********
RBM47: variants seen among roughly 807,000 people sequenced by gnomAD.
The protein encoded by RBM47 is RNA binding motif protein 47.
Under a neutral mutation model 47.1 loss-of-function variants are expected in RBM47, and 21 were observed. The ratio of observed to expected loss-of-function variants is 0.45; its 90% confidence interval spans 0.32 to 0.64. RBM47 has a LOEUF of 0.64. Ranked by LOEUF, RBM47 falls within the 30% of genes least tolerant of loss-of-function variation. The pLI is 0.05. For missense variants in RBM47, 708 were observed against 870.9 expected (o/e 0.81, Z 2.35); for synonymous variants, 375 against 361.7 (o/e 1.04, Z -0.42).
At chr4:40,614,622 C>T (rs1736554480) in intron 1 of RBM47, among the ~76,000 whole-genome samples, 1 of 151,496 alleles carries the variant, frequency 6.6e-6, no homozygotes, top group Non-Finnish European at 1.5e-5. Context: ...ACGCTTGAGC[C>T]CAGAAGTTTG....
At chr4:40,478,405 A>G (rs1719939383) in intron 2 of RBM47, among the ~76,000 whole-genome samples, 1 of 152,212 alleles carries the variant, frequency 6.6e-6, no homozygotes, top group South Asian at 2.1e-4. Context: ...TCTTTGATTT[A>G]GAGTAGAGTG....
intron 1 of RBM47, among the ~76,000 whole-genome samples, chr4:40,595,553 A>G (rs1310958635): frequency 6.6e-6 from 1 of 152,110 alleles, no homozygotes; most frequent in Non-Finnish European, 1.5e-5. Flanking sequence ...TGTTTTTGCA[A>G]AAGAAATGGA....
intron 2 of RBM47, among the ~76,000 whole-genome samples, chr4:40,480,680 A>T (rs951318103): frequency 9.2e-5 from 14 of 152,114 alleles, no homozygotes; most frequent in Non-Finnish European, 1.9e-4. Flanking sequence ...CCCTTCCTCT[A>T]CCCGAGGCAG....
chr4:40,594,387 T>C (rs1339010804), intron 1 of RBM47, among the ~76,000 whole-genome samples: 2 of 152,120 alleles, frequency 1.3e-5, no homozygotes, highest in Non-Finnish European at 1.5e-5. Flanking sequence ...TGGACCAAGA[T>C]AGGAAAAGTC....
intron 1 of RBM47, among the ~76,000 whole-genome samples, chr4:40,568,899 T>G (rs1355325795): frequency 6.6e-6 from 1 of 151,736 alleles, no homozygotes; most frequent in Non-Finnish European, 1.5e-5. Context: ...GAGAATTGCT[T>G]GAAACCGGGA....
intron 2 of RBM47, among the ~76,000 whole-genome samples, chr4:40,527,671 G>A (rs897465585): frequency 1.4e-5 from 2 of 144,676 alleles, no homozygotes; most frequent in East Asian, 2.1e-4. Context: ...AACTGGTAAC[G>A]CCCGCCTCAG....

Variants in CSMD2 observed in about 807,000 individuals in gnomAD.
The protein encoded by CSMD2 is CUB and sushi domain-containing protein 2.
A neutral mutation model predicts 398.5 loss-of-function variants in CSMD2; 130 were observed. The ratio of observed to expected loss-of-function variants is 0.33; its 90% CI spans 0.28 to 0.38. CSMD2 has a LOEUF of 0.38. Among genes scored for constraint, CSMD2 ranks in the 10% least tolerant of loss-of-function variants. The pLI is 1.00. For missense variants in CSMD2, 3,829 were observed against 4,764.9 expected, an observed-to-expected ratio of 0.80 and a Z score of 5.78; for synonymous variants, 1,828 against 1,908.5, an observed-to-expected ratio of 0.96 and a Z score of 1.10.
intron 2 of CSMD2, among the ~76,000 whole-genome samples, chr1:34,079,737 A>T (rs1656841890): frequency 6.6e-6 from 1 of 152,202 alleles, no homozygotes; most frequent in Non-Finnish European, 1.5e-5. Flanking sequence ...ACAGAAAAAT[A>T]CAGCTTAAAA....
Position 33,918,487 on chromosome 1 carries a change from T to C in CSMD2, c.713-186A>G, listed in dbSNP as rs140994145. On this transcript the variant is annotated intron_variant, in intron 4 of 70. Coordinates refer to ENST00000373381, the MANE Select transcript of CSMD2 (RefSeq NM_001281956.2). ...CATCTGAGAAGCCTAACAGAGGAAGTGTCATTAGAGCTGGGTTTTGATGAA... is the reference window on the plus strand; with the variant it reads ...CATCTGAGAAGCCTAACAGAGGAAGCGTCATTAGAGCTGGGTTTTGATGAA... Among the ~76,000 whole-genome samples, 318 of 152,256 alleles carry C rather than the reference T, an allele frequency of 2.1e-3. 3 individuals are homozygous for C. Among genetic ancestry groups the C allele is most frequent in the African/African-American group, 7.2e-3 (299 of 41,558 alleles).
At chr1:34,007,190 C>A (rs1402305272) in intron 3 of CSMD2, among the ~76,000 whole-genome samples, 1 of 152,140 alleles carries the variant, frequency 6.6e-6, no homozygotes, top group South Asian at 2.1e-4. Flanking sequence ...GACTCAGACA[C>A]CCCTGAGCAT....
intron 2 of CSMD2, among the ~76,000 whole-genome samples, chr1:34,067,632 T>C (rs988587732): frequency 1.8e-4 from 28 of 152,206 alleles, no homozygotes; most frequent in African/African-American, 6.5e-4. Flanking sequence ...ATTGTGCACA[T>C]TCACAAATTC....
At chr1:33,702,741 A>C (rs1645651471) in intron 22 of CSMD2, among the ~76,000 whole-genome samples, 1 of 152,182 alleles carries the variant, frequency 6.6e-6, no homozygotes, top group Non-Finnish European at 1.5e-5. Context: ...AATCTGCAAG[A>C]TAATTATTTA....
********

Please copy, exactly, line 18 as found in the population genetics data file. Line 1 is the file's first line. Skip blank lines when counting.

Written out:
At chr1:33,702,741 A>C (rs1645651471) in intron 22 of CSMD2, among the ~76,000 whole-genome samples, 1 of 152,182 alleles carries the variant, frequency 6.6e-6, no homozygotes, top group Non-Finnish European at 1.5e-5. Context: ...AATCTGCAAG[A>C]TAATTATTTA....